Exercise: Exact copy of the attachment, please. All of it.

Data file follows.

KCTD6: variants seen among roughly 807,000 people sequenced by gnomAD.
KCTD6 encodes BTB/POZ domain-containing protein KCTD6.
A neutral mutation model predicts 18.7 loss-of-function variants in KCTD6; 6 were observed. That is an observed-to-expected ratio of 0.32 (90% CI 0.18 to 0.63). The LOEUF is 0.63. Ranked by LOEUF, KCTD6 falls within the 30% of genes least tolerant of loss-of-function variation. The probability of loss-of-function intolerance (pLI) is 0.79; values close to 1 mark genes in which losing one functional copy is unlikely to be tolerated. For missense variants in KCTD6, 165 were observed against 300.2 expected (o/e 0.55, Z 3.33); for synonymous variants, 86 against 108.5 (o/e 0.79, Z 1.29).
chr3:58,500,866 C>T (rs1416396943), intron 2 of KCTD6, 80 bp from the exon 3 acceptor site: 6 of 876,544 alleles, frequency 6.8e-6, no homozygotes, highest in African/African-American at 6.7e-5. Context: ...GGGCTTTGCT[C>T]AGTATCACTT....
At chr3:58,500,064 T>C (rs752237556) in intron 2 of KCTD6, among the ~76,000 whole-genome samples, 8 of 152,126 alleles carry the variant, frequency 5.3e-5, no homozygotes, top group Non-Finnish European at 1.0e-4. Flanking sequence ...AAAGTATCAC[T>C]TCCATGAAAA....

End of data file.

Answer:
KCTD6: variants seen among roughly 807,000 people sequenced by gnomAD.
KCTD6 encodes BTB/POZ domain-containing protein KCTD6.
A neutral mutation model predicts 18.7 loss-of-function variants in KCTD6; 6 were observed. That is an observed-to-expected ratio of 0.32 (90% CI 0.18 to 0.63). The LOEUF is 0.63. Ranked by LOEUF, KCTD6 falls within the 30% of genes least tolerant of loss-of-function variation. The probability of loss-of-function intolerance (pLI) is 0.79; values close to 1 mark genes in which losing one functional copy is unlikely to be tolerated. For missense variants in KCTD6, 165 were observed against 300.2 expected (o/e 0.55, Z 3.33); for synonymous variants, 86 against 108.5 (o/e 0.79, Z 1.29).
chr3:58,500,866 C>T (rs1416396943), intron 2 of KCTD6, 80 bp from the exon 3 acceptor site: 6 of 876,544 alleles, frequency 6.8e-6, no homozygotes, highest in African/African-American at 6.7e-5. Context: ...GGGCTTTGCT[C>T]AGTATCACTT....
At chr3:58,500,064 T>C (rs752237556) in intron 2 of KCTD6, among the ~76,000 whole-genome samples, 8 of 152,126 alleles carry the variant, frequency 5.3e-5, no homozygotes, top group Non-Finnish European at 1.0e-4. Flanking sequence ...AAAGTATCAC[T>C]TCCATGAAAA....